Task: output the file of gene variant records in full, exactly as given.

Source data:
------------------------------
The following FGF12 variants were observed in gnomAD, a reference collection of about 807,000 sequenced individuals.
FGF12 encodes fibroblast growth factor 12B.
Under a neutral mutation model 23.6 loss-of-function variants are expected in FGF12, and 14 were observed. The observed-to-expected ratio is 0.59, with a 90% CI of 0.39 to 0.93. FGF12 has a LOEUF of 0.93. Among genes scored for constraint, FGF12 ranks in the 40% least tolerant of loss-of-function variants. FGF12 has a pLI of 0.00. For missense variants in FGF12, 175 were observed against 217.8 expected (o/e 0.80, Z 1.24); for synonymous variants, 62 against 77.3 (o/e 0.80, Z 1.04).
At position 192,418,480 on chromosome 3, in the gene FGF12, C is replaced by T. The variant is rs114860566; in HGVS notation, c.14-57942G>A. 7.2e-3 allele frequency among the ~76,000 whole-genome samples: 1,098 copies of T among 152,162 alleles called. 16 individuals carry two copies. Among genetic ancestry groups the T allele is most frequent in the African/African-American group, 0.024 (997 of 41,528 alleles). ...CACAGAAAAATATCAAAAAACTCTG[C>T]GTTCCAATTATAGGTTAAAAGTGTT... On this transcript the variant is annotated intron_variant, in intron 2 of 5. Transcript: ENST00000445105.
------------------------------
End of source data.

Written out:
The following FGF12 variants were observed in gnomAD, a reference collection of about 807,000 sequenced individuals.
FGF12 encodes fibroblast growth factor 12B.
Under a neutral mutation model 23.6 loss-of-function variants are expected in FGF12, and 14 were observed. The observed-to-expected ratio is 0.59, with a 90% CI of 0.39 to 0.93. FGF12 has a LOEUF of 0.93. Among genes scored for constraint, FGF12 ranks in the 40% least tolerant of loss-of-function variants. FGF12 has a pLI of 0.00. For missense variants in FGF12, 175 were observed against 217.8 expected (o/e 0.80, Z 1.24); for synonymous variants, 62 against 77.3 (o/e 0.80, Z 1.04).
At position 192,418,480 on chromosome 3, in the gene FGF12, C is replaced by T. The variant is rs114860566; in HGVS notation, c.14-57942G>A. 7.2e-3 allele frequency among the ~76,000 whole-genome samples: 1,098 copies of T among 152,162 alleles called. 16 individuals carry two copies. Among genetic ancestry groups the T allele is most frequent in the African/African-American group, 0.024 (997 of 41,528 alleles). ...CACAGAAAAATATCAAAAAACTCTG[C>T]GTTCCAATTATAGGTTAAAAGTGTT... On this transcript the variant is annotated intron_variant, in intron 2 of 5. Transcript: ENST00000445105.